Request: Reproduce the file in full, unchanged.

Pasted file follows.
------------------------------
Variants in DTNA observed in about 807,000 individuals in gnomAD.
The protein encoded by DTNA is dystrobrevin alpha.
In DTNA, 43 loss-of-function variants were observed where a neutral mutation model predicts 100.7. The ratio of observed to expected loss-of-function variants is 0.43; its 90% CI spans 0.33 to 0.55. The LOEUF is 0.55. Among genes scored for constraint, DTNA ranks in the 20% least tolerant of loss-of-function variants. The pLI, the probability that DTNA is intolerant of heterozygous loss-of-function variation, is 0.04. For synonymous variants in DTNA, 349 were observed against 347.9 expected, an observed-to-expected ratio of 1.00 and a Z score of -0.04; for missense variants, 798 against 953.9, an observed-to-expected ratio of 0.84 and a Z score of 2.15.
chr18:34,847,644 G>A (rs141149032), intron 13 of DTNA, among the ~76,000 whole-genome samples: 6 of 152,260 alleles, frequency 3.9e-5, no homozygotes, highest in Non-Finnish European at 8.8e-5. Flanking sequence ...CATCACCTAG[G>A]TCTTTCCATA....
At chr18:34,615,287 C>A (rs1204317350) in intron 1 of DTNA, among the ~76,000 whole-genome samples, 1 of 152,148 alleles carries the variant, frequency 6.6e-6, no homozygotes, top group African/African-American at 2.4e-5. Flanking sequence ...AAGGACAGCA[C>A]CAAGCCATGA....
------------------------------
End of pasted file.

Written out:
Variants in DTNA observed in about 807,000 individuals in gnomAD.
The protein encoded by DTNA is dystrobrevin alpha.
In DTNA, 43 loss-of-function variants were observed where a neutral mutation model predicts 100.7. The ratio of observed to expected loss-of-function variants is 0.43; its 90% CI spans 0.33 to 0.55. The LOEUF is 0.55. Among genes scored for constraint, DTNA ranks in the 20% least tolerant of loss-of-function variants. The pLI, the probability that DTNA is intolerant of heterozygous loss-of-function variation, is 0.04. For synonymous variants in DTNA, 349 were observed against 347.9 expected, an observed-to-expected ratio of 1.00 and a Z score of -0.04; for missense variants, 798 against 953.9, an observed-to-expected ratio of 0.84 and a Z score of 2.15.
chr18:34,847,644 G>A (rs141149032), intron 13 of DTNA, among the ~76,000 whole-genome samples: 6 of 152,260 alleles, frequency 3.9e-5, no homozygotes, highest in Non-Finnish European at 8.8e-5. Flanking sequence ...CATCACCTAG[G>A]TCTTTCCATA....
At chr18:34,615,287 C>A (rs1204317350) in intron 1 of DTNA, among the ~76,000 whole-genome samples, 1 of 152,148 alleles carries the variant, frequency 6.6e-6, no homozygotes, top group African/African-American at 2.4e-5. Flanking sequence ...AAGGACAGCA[C>A]CAAGCCATGA....